The National Highway Traffic Safety Administration reported in early April that it was investigating reports of engine fires in the Chevrolet Cruze small car and Jeep Wrangler SUV. As we have reported on numerous occasions, NHTSA investigations can lead to vehicle recalls. To date there has been no recall.
The agency has received two reports of fires in the 2011 model year Chevrolet Cruze. In both cases, the fires started while the cars were moving and destroyed the vehicles. A GM spokesman says the company knows of no deaths or injuries related to the issue and that GM is cooperating with the investigation.
When the Wrangler investigation was announced, NHTSA had only received eight reports of fires in 2010 model year Jeep Wranglers, but that investigation was soon expanded. The investigation now includes 23 complaints of fires in Jeep Wrangler SUVs. NHTSA says it hasn’t figured out what caused the fires, but it’s asking Chrysler for information on Wranglers from the 2007 through 2012 model years. When it began March 28, the probe centered on vehicles from the 2010 model year.
The classic Wrangler is among Chrysler’s more popular models, appealing to people who like its rugged looks and want to go off-road. Chrysler sold more than 532,000 Wranglers from 2007 through March 2012. It’s unknown how many are affected by the investigation. The probe comes at a critical time for Chrysler, which has had quality problems in the past, but showed improvement in an annual study by Consumer Reports magazine. The company, which incidentally is majority owned by Italian automaker Fiat SpA, is making a good comeback from its 2009 bankruptcy and restructuring. It posted a net profit last year for the first time since 1997.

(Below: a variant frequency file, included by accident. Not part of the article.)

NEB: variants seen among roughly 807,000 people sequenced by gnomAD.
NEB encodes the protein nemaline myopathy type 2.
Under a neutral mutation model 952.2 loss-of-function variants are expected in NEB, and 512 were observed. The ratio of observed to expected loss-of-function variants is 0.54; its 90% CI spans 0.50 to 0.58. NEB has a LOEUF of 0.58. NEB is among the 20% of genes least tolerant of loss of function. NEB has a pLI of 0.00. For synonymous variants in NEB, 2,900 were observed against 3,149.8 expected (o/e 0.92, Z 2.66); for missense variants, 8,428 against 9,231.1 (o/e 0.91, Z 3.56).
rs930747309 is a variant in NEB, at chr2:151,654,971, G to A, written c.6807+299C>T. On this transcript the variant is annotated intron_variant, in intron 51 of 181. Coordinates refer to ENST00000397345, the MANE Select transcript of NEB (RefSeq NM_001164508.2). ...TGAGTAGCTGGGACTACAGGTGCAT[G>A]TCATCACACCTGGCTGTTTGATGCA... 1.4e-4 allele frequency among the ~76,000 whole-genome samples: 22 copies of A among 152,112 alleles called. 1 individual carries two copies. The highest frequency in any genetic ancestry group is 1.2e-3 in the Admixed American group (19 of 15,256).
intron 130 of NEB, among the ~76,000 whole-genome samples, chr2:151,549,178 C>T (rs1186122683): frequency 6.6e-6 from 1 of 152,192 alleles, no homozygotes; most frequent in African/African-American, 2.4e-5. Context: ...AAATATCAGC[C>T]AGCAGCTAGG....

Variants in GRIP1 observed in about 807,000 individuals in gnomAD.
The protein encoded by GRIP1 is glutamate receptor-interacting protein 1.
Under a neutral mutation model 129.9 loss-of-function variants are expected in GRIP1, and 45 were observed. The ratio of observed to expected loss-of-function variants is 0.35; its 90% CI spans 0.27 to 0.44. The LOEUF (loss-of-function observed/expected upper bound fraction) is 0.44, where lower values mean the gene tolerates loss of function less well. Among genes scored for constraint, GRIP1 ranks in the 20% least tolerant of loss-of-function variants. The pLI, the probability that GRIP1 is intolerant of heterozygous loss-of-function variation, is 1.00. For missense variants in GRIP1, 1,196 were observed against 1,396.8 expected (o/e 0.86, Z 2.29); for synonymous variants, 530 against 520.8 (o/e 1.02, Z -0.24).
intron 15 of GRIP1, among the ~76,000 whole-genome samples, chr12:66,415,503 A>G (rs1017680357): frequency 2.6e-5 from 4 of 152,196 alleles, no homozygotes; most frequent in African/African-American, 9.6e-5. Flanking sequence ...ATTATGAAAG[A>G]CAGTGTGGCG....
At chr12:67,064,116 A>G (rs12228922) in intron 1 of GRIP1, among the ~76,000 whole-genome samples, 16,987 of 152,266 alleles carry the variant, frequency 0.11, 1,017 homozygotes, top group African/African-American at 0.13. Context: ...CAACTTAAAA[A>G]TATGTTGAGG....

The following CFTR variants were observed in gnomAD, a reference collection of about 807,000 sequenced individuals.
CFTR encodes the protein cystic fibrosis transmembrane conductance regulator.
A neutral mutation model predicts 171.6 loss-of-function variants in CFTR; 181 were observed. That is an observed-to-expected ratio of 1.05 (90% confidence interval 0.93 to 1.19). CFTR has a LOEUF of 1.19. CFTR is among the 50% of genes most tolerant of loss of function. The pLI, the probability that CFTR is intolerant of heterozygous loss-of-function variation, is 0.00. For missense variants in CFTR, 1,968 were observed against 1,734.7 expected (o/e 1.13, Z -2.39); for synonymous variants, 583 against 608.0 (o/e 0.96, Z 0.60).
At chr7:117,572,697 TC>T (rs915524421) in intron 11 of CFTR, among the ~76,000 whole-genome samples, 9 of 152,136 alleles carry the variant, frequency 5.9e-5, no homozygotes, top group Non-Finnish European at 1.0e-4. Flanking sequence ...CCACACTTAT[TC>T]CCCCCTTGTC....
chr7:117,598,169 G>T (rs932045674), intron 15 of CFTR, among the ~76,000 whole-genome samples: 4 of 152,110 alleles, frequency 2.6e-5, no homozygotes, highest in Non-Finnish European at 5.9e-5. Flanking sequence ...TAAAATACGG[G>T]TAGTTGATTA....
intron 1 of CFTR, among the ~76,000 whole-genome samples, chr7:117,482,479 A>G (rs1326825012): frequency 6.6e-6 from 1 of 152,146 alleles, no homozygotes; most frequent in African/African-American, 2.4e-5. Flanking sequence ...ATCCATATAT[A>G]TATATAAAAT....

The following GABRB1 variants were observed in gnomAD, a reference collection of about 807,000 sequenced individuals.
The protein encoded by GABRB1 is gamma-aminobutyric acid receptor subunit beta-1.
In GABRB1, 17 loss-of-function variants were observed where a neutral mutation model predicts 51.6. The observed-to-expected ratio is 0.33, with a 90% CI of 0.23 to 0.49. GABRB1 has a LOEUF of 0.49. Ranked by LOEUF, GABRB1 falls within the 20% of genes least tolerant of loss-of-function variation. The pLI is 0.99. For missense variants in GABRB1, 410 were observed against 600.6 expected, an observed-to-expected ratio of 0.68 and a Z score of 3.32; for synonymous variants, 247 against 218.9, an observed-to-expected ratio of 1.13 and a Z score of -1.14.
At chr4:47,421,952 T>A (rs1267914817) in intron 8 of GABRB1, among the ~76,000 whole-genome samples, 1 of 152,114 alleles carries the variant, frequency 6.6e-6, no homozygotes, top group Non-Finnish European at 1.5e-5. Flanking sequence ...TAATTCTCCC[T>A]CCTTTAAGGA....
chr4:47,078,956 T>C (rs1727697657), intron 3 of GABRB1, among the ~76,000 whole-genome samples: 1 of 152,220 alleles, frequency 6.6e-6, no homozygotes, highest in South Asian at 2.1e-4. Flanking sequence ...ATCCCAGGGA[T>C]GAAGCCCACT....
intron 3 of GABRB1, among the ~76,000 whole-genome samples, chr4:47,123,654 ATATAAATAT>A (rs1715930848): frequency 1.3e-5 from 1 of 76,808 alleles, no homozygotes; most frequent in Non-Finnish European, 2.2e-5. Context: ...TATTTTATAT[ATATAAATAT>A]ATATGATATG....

According to the NHTSA website, the agency has received 23 complaints about fires in Wranglers from the six model years. Four people were hurt, including three who received minor burns and one whose injuries were not explained in the complaints. Two houses were damaged. NHTSA is focusing on overheated transmission fluid and electrical wiring as possible causes. It has asked Chrysler for information about allegations of smoke or fire in Wrangler engine compartments. The company has until the 22nd of this month to respond. It’s common for the agency to expand investigations to include similar vehicles. The investigation could lead to a recall, but there isn’t one yet.
According to Chrysler, the company was aware of a small number of fires in Wranglers and it has been cooperating with the investigation. Vehicle fires, the company says, are complex and can occur for many reasons unrelated to the vehicle’s design and manufacture. As mentioned above, the safety agency also is investigating reports of engine fires in the Chevrolet Cruze small car from the 2011 model year.
Source: Insurance Journal
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